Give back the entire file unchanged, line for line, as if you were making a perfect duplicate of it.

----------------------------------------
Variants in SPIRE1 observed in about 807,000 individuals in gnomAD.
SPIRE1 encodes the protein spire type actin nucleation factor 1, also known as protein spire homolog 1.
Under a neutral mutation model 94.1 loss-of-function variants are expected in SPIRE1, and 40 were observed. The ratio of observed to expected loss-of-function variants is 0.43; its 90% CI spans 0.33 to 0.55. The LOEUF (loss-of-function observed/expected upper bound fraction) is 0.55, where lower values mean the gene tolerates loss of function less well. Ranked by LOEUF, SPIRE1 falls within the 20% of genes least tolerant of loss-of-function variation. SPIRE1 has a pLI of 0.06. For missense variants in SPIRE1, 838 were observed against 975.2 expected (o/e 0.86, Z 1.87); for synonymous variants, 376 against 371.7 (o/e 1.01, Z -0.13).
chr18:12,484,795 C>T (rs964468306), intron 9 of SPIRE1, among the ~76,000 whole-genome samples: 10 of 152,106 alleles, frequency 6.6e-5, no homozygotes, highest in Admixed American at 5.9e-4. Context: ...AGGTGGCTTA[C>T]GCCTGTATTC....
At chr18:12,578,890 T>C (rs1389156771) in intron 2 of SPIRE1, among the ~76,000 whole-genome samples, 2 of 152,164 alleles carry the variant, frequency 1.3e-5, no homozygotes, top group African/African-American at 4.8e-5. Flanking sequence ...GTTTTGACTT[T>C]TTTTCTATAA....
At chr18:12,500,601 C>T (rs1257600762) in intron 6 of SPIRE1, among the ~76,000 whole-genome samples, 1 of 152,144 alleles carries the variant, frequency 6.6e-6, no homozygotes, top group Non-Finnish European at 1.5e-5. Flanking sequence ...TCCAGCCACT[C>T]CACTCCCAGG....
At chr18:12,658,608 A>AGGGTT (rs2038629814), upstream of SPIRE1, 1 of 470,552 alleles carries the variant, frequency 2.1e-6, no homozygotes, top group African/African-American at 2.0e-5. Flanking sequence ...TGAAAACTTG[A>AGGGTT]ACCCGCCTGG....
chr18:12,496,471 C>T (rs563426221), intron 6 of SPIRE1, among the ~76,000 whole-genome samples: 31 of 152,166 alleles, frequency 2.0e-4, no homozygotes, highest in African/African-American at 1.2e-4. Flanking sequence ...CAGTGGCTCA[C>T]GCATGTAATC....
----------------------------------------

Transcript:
Variants in SPIRE1 observed in about 807,000 individuals in gnomAD.
SPIRE1 encodes the protein spire type actin nucleation factor 1, also known as protein spire homolog 1.
Under a neutral mutation model 94.1 loss-of-function variants are expected in SPIRE1, and 40 were observed. The ratio of observed to expected loss-of-function variants is 0.43; its 90% CI spans 0.33 to 0.55. The LOEUF (loss-of-function observed/expected upper bound fraction) is 0.55, where lower values mean the gene tolerates loss of function less well. Ranked by LOEUF, SPIRE1 falls within the 20% of genes least tolerant of loss-of-function variation. SPIRE1 has a pLI of 0.06. For missense variants in SPIRE1, 838 were observed against 975.2 expected (o/e 0.86, Z 1.87); for synonymous variants, 376 against 371.7 (o/e 1.01, Z -0.13).
chr18:12,484,795 C>T (rs964468306), intron 9 of SPIRE1, among the ~76,000 whole-genome samples: 10 of 152,106 alleles, frequency 6.6e-5, no homozygotes, highest in Admixed American at 5.9e-4. Context: ...AGGTGGCTTA[C>T]GCCTGTATTC....
At chr18:12,578,890 T>C (rs1389156771) in intron 2 of SPIRE1, among the ~76,000 whole-genome samples, 2 of 152,164 alleles carry the variant, frequency 1.3e-5, no homozygotes, top group African/African-American at 4.8e-5. Flanking sequence ...GTTTTGACTT[T>C]TTTTCTATAA....
At chr18:12,500,601 C>T (rs1257600762) in intron 6 of SPIRE1, among the ~76,000 whole-genome samples, 1 of 152,144 alleles carries the variant, frequency 6.6e-6, no homozygotes, top group Non-Finnish European at 1.5e-5. Flanking sequence ...TCCAGCCACT[C>T]CACTCCCAGG....
At chr18:12,658,608 A>AGGGTT (rs2038629814), upstream of SPIRE1, 1 of 470,552 alleles carries the variant, frequency 2.1e-6, no homozygotes, top group African/African-American at 2.0e-5. Flanking sequence ...TGAAAACTTG[A>AGGGTT]ACCCGCCTGG....
chr18:12,496,471 C>T (rs563426221), intron 6 of SPIRE1, among the ~76,000 whole-genome samples: 31 of 152,166 alleles, frequency 2.0e-4, no homozygotes, highest in African/African-American at 1.2e-4. Flanking sequence ...CAGTGGCTCA[C>T]GCATGTAATC....